Health care leaders, police and prosecutors join forces to research concussions in domestic violence victims

The Mesa Police Department will be using an eye tracking device called ConQVerge that can gather data and help determine if domestic violence victims have received a concussion. (Photo by Tanner Stechnij/Cronkite News)

SCOTTSDALE – Maricopa County prosecutors, Mesa police and health care leaders are teaming up to research the prevalence of concussions in domestic violence victims.

County prosecutors said a study could lead to better treatment for domestic violence victims as well as more prosecutions against their attackers.  

The county attorney’s office dealt with more than 1,400 cases involving domestic violence last year, said Hilary Weinberg, who leads the family violence bureau.

“A great deal of those were related to intimate partner violence,” Weinberg said. She reached out to the Mesa Police Department, researchers and leaders in the medical field for help.

Although concussions are more closely associated with football players and other athletes, domestic violence victims may be more at risk of traumatic brain injuries, Erin Bertino, a nurse supervisor at Honor Health, said at a news conference Thursday.

The yearlong study, which will start in November, will hope to get a better understanding of frequency of concussions in domestic violence victims. The data will be used to determine the best practices for improving the lives and health of the victims.

The research could lead to stronger cases for prosecution, the team said.

“The victims in our cases may not remember a lot of details or things about their attack,” Weinberg said. “Sometimes, this lack of memory is used by juries that they may be not telling the truth about things. However, we really think that this lack of memory could be a symptom of a concussion.”

Weinberg believes this study could help change legal language about inflicting traumatic brain injury on partners.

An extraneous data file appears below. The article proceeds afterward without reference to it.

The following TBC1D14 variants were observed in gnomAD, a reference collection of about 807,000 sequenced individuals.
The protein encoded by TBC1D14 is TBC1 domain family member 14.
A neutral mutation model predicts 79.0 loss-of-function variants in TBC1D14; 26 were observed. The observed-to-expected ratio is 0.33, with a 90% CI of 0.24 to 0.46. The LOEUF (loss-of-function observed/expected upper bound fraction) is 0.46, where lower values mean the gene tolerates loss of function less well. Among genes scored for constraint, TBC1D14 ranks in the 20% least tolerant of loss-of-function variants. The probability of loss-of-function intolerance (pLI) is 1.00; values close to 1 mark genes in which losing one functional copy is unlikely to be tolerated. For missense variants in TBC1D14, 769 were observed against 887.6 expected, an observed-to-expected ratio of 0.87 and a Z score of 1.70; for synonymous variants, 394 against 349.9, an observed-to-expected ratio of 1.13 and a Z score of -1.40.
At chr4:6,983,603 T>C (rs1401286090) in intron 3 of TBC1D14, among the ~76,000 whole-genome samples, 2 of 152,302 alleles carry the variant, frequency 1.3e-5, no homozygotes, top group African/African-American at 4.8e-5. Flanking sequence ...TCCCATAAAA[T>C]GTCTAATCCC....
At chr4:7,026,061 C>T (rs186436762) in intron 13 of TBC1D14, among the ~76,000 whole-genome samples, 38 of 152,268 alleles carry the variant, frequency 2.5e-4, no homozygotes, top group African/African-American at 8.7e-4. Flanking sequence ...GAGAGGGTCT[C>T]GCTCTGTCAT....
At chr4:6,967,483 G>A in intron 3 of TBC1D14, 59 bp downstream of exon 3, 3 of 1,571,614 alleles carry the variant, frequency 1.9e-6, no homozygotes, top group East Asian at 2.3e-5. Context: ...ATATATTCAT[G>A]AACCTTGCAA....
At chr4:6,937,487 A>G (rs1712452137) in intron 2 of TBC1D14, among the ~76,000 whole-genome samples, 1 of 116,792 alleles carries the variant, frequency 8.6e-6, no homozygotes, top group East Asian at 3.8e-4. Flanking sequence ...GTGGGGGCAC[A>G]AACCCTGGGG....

Patrol officers at the Mesa Police Department are being trained to use a screening tool that can help determine if someone has a concussion. Sgt. Mark Higbee said 45 patrol units will have access to the tool that tracks eye movement and collects data.

Officers respond to about 200 domestic violence calls a week.

“The officers, at any time they respond to a severe domestic violence case, they’ll have access to this device,” Higbee said. “That data will be sent to our research partners who will also continue to work and follow up with the victims on these serious cases, ensuring they go to the Family Advocacy Center and our forensic nurses who will do additional tests.”

Nurses will gather data at Family Advocacy Center locations in Mesa as they provide medical care and other services to the victims.

Bertino said the county attorney’s office approached them a year ago to see if they were seeing suspected domestic violence victims who reported getting hit in the head or sustaining a traumatic head injury.

“Our units see well over 200 patients a month and it is about 50 percent sexual assault and 50 percent domestic violence,” Bertino said.

The center has law enforcement, medical professionals, social workers and patient advocates under one roof.

“The question is, to what extent does traumatic brain injury impact the concept of domestic violence and those survivors of domestic violence,” said Jonathan Lifshitz, a scientist at the Barrow Neurological Institute.